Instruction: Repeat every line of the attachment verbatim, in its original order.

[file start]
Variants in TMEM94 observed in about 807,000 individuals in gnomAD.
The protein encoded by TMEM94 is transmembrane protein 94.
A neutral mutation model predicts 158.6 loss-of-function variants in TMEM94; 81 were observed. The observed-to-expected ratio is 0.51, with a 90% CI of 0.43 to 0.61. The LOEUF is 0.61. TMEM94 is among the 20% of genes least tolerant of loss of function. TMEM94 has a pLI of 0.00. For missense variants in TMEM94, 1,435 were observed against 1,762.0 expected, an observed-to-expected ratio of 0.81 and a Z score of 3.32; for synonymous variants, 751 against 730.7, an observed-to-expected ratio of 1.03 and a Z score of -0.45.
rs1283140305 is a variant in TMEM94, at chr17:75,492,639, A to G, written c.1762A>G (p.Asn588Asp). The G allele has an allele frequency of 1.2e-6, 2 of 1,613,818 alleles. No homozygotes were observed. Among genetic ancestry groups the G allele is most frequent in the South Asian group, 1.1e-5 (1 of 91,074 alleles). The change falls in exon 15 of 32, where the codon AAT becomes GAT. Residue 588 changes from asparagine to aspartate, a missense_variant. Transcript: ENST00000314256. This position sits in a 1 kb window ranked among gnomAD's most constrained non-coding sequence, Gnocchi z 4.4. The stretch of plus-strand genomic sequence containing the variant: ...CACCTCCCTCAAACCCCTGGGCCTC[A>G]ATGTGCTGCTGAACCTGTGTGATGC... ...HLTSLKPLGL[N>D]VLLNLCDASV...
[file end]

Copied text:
Variants in TMEM94 observed in about 807,000 individuals in gnomAD.
The protein encoded by TMEM94 is transmembrane protein 94.
A neutral mutation model predicts 158.6 loss-of-function variants in TMEM94; 81 were observed. The observed-to-expected ratio is 0.51, with a 90% CI of 0.43 to 0.61. The LOEUF is 0.61. TMEM94 is among the 20% of genes least tolerant of loss of function. TMEM94 has a pLI of 0.00. For missense variants in TMEM94, 1,435 were observed against 1,762.0 expected, an observed-to-expected ratio of 0.81 and a Z score of 3.32; for synonymous variants, 751 against 730.7, an observed-to-expected ratio of 1.03 and a Z score of -0.45.
rs1283140305 is a variant in TMEM94, at chr17:75,492,639, A to G, written c.1762A>G (p.Asn588Asp). The G allele has an allele frequency of 1.2e-6, 2 of 1,613,818 alleles. No homozygotes were observed. Among genetic ancestry groups the G allele is most frequent in the South Asian group, 1.1e-5 (1 of 91,074 alleles). The change falls in exon 15 of 32, where the codon AAT becomes GAT. Residue 588 changes from asparagine to aspartate, a missense_variant. Transcript: ENST00000314256. This position sits in a 1 kb window ranked among gnomAD's most constrained non-coding sequence, Gnocchi z 4.4. The stretch of plus-strand genomic sequence containing the variant: ...CACCTCCCTCAAACCCCTGGGCCTC[A>G]ATGTGCTGCTGAACCTGTGTGATGC... ...HLTSLKPLGL[N>D]VLLNLCDASV...